# Easy Lifting STR determination

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Granted, we commonly don't use intermediate values...or use the 1/2d6 values, which are generally listed...but it's straightforward enough.

First, this simple method does NOT work for STR < 5, because the general pattern (+5 STR == 2x lift) doesn't hold.  STR 0 is 0.

Second, there's some tweaks at higher levels of STR.  For example, 40 STR is 6.4 tons, 45 STR is 12.5 rather than 12.8.  This just cleans up the doubling...12.5 -> 25 -> 50 -> 100 -> ....  Nice and clean.

So...look up (or compute) the full-die (multiple of 5) value closest to, but below, the STR you're looking at.  Call this L.  Then, if your STR is 1-4 points higher:

--1 point:  Lift = L * 1.15

--2 points:  Lift = L * 1.3

--3 points:  Lift = L * 1.5

--4 points:  Lift = L * 1.75

So, with a 24 STR, we start with 20 STR, so L = 400.  We're 4 points higher, so our Lift = 400 * 1.75 = 700.

Mathematically?  STR doubles every 5 points, which means the progression is based on 2 ^ (STR/5).  2 ^ (1/5) =~ 1.15;  2 ^ (2/5) =~ 1.3;  2 ^ (3/5) =~ 1.5;  2 ^ (4/5) =~ 1.75.

Note that the STR below 5 is pretty much 0.15 * 50, 0.3 * 50, 0.5 * 50, and 0.75 * 50.  So it's honoring the progression as best it can.

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I like what you've done here. Nice job. It is interesting (at least to me) that it works exactly as the steps in an Equal Tempered chromatic scale, which most Western music uses. The scale uses the 12th root of 2 since a note 1 octave above the same but lower note is exactly twice the frequency and there are 12 steps in between. For example, concert A (the note) is 440Hz. The A one octave above is 880Hz. All the notes are multiples of the 12th root of 2 and 440Hz.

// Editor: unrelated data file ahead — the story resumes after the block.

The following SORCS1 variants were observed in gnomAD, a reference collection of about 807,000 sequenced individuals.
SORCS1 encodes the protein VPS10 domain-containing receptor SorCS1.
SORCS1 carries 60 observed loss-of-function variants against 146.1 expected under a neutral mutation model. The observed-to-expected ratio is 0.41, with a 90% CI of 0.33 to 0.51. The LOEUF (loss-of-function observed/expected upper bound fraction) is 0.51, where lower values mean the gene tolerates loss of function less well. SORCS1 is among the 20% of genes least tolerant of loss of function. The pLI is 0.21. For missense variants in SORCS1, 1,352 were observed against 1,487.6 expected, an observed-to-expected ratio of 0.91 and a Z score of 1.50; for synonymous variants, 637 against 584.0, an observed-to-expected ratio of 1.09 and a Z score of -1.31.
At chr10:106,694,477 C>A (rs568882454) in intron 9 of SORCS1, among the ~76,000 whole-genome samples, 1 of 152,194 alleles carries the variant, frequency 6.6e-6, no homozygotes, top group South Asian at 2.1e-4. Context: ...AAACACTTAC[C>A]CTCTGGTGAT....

So, another way of looking at what you've done (not better, just different), is that, since the amount of lifting power is double every 5 points of STR, the progression in this case would involve the 5th root of 2, doubling in 5 steps instead of 12. The numbers I got for the multipliers are 1.1486983549970350067986269467779, 1.3195079107728942593740019712296, 1.5157165665103980823472598013064, and 1.7411011265922482782725400349595. They are almost exactly the same as yours (with some rounding differences).

I just think it's really cool that two seemingly different things, like HERO Games STR progression and music can be related in such a fundamental way.

Anyway, thanks for conjuring up in my brain some old music theory. It was a fun trip down memory lane.

Lee

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That's what I did, actually, but I think of exponents...2 ^ (1/5), 2^(2/5), etc.

And that's where my multipliers came from...just rounded because no game needs that many digits.

I don't think the lifting STR progression is based on music...at its base, anyway.  GURPS says lifting STR is proportional to STR^2...which is probably better for heroic, but it simply doesn't work for supers, where lifting STR varies by a factor of 300 easily (that's 100 kilos to 30 tons).  So if for argument STR 10 is 100 kilos, as per Hero, then you'd need a 170 STR for 30 tons.  STR^3 would be a little better...if 10 STR is 100 kilos, then 60 STR would be 21 tons.  But the steps become weird.  The chromatic scale means that 21 STR can lift double what a 16 STR can lift...so in that sense, it's also much simpler.

So, I get the motivation.  Generally, there's no great need for very fine granularity for low STR levels.  There IS more of a need for high lifting capacity.  The downsides to the Hero scale are:

a)  it probably makes reaching the *elite* levels like Class 100 too cheap...going back to older Marvel character catalogs where that kind of thing was given.

b)  I've long felt that the damage increase rate was FAR too slow, compared to the lifting STR increase rate...but that's easily fixed.  For me, for every 5 points of STR above 20, you're justified in buying +1d6 as an HA or has martial arts DCs.  So a 45 STR starts with the 9 DCs...and in itself justifies another 5 DCs.  You don't *have* to if you don't want to, of course.

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